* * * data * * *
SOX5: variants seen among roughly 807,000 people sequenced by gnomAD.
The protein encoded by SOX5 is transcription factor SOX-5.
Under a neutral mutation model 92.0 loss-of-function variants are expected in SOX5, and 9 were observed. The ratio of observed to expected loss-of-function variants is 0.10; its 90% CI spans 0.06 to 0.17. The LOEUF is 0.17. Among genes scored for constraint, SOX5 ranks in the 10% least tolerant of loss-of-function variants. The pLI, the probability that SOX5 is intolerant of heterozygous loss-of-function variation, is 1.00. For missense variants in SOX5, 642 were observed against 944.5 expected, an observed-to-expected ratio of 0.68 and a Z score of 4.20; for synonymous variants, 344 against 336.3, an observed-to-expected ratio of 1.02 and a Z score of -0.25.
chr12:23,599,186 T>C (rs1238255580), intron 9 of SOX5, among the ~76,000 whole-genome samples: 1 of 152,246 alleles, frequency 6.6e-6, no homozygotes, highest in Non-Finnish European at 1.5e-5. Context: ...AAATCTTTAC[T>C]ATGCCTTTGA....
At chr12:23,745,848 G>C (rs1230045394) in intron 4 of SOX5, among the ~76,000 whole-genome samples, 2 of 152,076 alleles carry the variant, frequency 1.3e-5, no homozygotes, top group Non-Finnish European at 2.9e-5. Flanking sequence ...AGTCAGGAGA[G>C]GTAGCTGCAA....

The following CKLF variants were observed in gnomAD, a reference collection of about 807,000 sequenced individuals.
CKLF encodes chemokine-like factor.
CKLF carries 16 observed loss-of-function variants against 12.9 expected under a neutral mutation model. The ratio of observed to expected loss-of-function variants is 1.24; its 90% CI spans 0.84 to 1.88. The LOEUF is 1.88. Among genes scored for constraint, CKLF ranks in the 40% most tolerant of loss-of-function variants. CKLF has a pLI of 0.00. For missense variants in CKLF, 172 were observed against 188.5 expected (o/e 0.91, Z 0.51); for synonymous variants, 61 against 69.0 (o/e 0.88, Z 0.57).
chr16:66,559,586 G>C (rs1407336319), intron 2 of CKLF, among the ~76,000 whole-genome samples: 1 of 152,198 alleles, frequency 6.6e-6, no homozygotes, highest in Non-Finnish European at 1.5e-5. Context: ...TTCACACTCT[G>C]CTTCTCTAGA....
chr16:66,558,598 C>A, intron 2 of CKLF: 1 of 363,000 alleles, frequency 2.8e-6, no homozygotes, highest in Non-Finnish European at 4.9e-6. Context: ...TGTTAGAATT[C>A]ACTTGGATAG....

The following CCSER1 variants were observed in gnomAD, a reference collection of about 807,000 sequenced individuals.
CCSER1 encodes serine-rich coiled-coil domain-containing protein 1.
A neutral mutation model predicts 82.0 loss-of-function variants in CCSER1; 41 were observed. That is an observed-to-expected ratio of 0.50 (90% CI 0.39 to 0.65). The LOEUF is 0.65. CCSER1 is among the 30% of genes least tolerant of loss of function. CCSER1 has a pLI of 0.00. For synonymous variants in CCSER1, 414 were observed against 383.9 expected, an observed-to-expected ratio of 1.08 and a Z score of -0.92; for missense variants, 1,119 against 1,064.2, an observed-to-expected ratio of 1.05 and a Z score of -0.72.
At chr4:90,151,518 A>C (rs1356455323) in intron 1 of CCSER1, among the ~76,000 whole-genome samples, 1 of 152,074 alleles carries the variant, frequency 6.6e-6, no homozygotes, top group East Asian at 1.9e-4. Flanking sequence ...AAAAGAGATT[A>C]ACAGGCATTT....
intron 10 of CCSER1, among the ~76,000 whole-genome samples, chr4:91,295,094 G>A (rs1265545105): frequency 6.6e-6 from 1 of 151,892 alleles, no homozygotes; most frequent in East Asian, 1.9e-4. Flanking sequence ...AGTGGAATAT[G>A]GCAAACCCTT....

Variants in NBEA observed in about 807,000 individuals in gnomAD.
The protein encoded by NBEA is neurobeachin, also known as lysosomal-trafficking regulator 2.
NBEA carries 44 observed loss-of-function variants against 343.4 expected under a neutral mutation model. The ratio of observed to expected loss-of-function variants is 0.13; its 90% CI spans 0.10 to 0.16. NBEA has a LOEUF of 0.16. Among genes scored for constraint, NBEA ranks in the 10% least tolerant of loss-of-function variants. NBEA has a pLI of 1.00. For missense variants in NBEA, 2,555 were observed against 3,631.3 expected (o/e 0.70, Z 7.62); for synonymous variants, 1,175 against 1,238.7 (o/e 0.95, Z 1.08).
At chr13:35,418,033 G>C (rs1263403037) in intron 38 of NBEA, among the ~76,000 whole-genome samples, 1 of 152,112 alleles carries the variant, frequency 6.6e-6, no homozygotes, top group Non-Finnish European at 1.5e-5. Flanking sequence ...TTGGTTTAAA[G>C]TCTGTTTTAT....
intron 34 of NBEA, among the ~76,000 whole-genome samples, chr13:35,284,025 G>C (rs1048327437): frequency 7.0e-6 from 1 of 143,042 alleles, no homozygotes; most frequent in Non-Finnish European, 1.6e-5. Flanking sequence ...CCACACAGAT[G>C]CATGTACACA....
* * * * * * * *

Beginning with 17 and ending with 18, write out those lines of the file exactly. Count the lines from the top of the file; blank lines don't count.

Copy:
The protein encoded by NBEA is neurobeachin, also known as lysosomal-trafficking regulator 2.
NBEA carries 44 observed loss-of-function variants against 343.4 expected under a neutral mutation model. The ratio of observed to expected loss-of-function variants is 0.13; its 90% CI spans 0.10 to 0.16. NBEA has a LOEUF of 0.16. Among genes scored for constraint, NBEA ranks in the 10% least tolerant of loss-of-function variants. NBEA has a pLI of 1.00. For missense variants in NBEA, 2,555 were observed against 3,631.3 expected (o/e 0.70, Z 7.62); for synonymous variants, 1,175 against 1,238.7 (o/e 0.95, Z 1.08).